A sharp drop in grass growth rates and grass utilisation during 2023 cost the average 60ha dairy farm over €12,000, Teagasc has estimated.

Grass growth rates fell by around 1t/ha last year, which led to an overall drop in grass utilisation of around 0.75t/ha, Teagasc’s head of dairy knowledge transfer Joe Patton told the Irish Farmers Journal.

Across a 60ha holding, the drop in grass utilisation equates to around 45t of dry matter. With the dry matter cost of bought-in silage now north of €280/t in many cases, Patton put the cost of replacing this fodder at around €12,600.

This slide in grass utilisation will have to be reversed in 2024 if the massive contraction in dairy farmer margins recorded last year is to be addressed, Patton warned.

Average dairy farm incomes fell by around 60% to €59,000 in 2023, compared to 2022. Dairy units were generally growing around 13t/ha of grass in 2020-2022, but this figure fell to under 12t/ha in 2023, according to data from Teagasc’s PastureBase service.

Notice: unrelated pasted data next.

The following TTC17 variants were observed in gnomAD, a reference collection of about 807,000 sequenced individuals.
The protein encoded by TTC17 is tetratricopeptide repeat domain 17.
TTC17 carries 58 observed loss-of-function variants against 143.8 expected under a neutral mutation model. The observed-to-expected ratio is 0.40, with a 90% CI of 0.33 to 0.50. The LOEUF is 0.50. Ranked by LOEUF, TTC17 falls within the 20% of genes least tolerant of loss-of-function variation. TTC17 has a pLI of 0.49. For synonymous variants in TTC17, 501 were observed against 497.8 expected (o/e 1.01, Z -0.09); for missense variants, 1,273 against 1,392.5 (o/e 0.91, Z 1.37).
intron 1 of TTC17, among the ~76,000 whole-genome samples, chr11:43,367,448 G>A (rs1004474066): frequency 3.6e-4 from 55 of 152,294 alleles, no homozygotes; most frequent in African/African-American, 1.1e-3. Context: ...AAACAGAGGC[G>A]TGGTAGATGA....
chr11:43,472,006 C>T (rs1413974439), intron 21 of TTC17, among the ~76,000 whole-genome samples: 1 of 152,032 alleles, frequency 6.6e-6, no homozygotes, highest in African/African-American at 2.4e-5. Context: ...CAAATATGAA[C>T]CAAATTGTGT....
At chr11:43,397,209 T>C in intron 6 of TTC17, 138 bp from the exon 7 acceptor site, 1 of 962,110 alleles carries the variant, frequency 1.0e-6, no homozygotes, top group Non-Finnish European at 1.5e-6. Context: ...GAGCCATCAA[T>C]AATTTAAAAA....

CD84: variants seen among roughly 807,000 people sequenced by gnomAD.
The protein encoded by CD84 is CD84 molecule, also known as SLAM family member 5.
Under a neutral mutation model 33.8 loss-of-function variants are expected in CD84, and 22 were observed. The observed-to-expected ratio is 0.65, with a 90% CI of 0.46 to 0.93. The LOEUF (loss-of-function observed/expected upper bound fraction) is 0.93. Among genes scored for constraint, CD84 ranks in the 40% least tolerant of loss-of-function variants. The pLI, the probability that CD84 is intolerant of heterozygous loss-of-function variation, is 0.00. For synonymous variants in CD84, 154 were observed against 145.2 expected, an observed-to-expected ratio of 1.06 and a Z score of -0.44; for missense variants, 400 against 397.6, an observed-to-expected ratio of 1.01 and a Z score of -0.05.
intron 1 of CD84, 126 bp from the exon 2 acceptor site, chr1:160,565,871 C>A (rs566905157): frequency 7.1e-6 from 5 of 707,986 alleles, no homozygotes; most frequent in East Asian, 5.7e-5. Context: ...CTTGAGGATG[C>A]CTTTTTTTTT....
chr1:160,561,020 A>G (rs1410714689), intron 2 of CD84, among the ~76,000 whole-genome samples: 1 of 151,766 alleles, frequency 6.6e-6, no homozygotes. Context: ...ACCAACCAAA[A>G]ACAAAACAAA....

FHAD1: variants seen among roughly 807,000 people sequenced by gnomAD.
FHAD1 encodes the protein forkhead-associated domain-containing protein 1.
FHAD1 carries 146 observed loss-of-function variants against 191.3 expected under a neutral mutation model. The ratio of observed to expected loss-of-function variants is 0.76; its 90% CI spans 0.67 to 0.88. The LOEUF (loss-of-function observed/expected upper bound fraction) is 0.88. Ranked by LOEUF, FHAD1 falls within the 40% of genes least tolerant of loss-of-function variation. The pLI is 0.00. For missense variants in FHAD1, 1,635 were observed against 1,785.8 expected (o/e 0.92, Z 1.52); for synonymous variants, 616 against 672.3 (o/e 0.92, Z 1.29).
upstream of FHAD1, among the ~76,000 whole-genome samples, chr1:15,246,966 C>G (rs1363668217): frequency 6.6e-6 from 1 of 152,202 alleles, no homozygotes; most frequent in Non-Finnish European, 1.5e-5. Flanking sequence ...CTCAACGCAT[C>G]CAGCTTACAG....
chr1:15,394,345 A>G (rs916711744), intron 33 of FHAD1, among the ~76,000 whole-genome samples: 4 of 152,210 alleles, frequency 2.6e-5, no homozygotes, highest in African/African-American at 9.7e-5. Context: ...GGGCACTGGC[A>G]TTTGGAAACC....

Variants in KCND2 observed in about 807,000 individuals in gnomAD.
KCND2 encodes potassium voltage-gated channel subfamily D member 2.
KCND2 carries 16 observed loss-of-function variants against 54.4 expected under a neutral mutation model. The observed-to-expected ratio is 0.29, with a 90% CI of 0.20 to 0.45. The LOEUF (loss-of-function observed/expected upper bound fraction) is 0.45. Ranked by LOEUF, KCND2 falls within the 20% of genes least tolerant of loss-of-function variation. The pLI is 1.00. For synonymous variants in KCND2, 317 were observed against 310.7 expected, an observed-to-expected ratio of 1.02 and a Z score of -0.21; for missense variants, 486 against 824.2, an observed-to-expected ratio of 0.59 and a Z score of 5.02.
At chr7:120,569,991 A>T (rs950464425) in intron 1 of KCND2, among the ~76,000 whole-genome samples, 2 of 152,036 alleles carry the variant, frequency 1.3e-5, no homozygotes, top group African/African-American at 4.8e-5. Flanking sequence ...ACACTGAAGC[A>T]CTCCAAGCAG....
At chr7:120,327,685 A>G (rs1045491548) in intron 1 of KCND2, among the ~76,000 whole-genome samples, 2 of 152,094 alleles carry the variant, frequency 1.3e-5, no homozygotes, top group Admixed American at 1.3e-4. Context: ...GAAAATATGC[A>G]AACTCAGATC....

Last year’s poor weather conditions contributed somewhat to the reduction in grass growth levels, but there was also a tendency on the part of farmers to hold off on fertiliser in favour of feeding more concentrates, Patton maintained.

“The cost of having a deficit in the feed budget has exploded the current high-cost environment,” he said.

“Farmers have to be weaned off a creeping dependence on purchased meal and forage and get back to the clear focus on driving grass output,” Patton said.

He urged farmers to make sure every kilogramme of fertiliser counted this year, and that a programme to maximise clover usage was taken on board by as many farmers as possible.